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Pint-Size Alloy Racer: 1952 Siata 300BC Barchetta

1952 Siata 300BC

When most people think of aluminum-bodied Italian sports cars, the first brands that come to mind usually include Ferrari and Lamborghini. While this rough alloy car body might look a bit like a Ferrari, it is actually rarer and far more intriguing than most run-of-the-mill Ferraris. This 1952 Siata 300BC Barchetta Sport Spider is one of only 50 built. It would never beat a Ferrari in a straight line, but these lightweight sport cars more than proved themselves on the race track and in a number of rallies. This one is going to need a total restoration and plenty of fabrication, but is being offered here on eBay in Oklahoma City, Oklahoma without a reserve. Sure, it would be great to find a Ferrari in a barn, but I would be more than happy to have found this hiding in an Oklahoma barn!

1952 Siata 300BC interior

Saying that this car needs a restoration is a bit of an understatement, as it needs absolutely everything. It appears that someone stripped it in anticipation of restoring it, but never got any further than that. While this would usually be a major issue with an ultra-rare Italian car, it shouldn’t be nearly as much of a problem for this one. Siata was a small manufacturer, so they typically sourced engine, drivetrain, suspension, and most of the other major components from other companies. Now that doesn’t mean this one is going to be a simple project by any means. There is a lot of metal work to be done and an incredible amount of body work!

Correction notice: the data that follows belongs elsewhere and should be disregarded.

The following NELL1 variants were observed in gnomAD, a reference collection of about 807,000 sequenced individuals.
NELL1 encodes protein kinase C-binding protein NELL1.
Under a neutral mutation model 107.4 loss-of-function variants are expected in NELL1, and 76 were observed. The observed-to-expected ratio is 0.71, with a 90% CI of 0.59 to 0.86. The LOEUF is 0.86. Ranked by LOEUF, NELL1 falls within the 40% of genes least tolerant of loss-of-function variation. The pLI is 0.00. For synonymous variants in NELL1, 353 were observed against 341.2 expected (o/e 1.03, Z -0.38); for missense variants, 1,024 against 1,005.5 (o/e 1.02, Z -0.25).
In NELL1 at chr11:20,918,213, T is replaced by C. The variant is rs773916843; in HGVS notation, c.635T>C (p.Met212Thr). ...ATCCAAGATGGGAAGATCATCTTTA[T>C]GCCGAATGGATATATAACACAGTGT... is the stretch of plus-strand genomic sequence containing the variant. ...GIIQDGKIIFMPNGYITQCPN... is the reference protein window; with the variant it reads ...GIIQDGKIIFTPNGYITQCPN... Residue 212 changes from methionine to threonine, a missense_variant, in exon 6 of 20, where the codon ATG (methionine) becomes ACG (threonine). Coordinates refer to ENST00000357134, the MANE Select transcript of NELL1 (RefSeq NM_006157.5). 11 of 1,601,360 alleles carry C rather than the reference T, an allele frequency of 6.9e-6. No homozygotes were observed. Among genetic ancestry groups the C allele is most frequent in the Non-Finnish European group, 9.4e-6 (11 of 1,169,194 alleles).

1952 Siata 300BC engine bay

Unlike most Italian sport cars, this Siata wasn’t powered by a big V12 or even a V8, but by a tiny 4-cylinder. The founder of Siata, Giorgio Ambrosini, started his career as an amateur race car driver and during his years of racing learned that a lightweight car with a properly tuned engine could not only keep up with more powerful cars, but could actually beat them on some tracks. To keep the Barchetta as light as possible, he decided to power it with a small engine. The 300BC was offered with the choice of either a 750 cc Crosley or a 1,100 cc Fiat power plant. The seller doesn’t state which engine this car originally came with, but given that it’s been in storage for the past 30 years, we doubt they even know. Finding either engines should be a simple task and will likely come down to personal preference.